Dropped by the RAF in 1945 in an attack on the German cruiser Lützow, in case anyone wonders how and why a Tallboy ended up in (or near) the Piast Canal. The canal connects the Baltic Sea with the Oder River.
Added to post. Thanks!
“We’re gonna summon the Holy Ghost from the battlefield
And in the morning this old world won’t be the same”
Tallboy, Widespread Panic
Well, we have some fascists to get rid of again. How about we just drop these on them. It worked the first time.
- How nobody got injured or dead is amazing. And there was no boat or equipment around it, so… it was a day off?
- The video was a bit weird, no commentary or anything, just some kind of stock music.
- The fact there are still live, huge bombs hanging around Europe after all these years is scary.
Well, not this one.
Bomb spends 75 years under water, and still retains much or all of its potency. Scary stuff.
A bit more detail. Looks like they were aiming for a small controlled explosion to disable it and it fully detonated instead. So “exploded while navy divers were trying to defuse it” (as appears in a number of stories) is somewhat misleading - “disarm” would be a better description, with no divers anywhere near it.
I was wondering why a 5,400 kg bomb only contains 2,400 kg of explosive.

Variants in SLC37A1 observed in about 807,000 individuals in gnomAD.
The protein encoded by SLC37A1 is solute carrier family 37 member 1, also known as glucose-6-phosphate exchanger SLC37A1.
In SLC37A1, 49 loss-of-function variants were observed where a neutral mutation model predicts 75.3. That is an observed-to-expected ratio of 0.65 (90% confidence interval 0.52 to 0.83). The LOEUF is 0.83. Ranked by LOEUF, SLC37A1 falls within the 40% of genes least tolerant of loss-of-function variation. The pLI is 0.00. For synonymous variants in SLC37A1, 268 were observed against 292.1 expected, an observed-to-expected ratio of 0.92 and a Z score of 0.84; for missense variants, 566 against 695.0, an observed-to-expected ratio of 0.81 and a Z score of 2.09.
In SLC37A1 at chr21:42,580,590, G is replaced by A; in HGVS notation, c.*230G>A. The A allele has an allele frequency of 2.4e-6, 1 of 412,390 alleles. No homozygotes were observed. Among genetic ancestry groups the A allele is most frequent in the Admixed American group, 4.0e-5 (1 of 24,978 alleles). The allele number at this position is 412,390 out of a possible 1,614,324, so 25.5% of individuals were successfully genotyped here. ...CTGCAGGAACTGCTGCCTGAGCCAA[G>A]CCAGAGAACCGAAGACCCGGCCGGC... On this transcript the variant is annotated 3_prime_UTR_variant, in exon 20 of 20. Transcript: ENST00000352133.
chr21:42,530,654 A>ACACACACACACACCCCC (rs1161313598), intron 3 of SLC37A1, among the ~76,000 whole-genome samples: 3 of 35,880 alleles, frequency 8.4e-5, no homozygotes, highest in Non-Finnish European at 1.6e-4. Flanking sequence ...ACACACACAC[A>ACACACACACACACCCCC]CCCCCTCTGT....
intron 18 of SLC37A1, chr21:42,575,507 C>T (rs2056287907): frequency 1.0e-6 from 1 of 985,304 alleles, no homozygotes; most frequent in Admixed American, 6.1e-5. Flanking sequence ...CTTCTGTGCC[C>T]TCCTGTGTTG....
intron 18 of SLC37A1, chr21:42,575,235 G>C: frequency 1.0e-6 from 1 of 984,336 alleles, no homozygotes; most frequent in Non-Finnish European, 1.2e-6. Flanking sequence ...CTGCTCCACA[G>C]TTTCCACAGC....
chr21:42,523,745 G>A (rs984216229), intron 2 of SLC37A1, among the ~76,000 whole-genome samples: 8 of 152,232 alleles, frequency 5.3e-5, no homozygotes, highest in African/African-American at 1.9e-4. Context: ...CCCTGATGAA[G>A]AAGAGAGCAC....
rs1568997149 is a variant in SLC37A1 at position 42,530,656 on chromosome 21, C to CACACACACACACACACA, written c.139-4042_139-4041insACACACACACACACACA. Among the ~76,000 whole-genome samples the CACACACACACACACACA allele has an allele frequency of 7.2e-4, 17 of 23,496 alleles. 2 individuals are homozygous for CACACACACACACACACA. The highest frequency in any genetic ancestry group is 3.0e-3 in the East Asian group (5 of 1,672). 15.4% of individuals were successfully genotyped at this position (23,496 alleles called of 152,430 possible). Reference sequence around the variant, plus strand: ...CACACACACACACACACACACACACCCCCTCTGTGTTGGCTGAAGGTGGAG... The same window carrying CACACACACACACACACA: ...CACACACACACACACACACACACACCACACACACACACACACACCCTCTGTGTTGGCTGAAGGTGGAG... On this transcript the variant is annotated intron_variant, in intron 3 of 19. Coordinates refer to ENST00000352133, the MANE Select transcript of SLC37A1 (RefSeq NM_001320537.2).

What is the other 3,000 kg, marzipan?
Nobody died, not even a remote bomb defusing drone. A happy ending in my book.
Music didn’t do it for me on this video. Going “against type” only works sometimes.
A very heavy steel casing designed to penetrate the ground (near underground facilities), buildings or in this case ships, and then detonating. From the Wikipedia article:
To be able to penetrate the earth (or fortified targets) without breaking apart, the casing of the Tallboy had to be strong. Each was cast in one piece of high-tensile steel that would enable it to survive the impact before detonation. At the same time, to achieve the penetration required, Wallis designed the Tallboy to be very aerodynamically clean so that, when dropped from a great height, it would reach a much higher terminal velocity than traditional bomb designs.
Oh right, that makes sense. Thanks.
[shudder] Now that would be scary!
Lützow née Deutschland—I love the story of that ship. When Hitler realized the Royal Navy was not playing, he decided the risk of a ship named “Germany” being sunk and the attendant publicity were not worth it.
Then they used the damn thing as a gun emplacement after it was sunk!
The rest is mostly material designed to allow the bomb to penetrate its target before exploding. It’s a bunker buster.
IMO, robotic solutions for such a huge problem (UXO) are a good idea.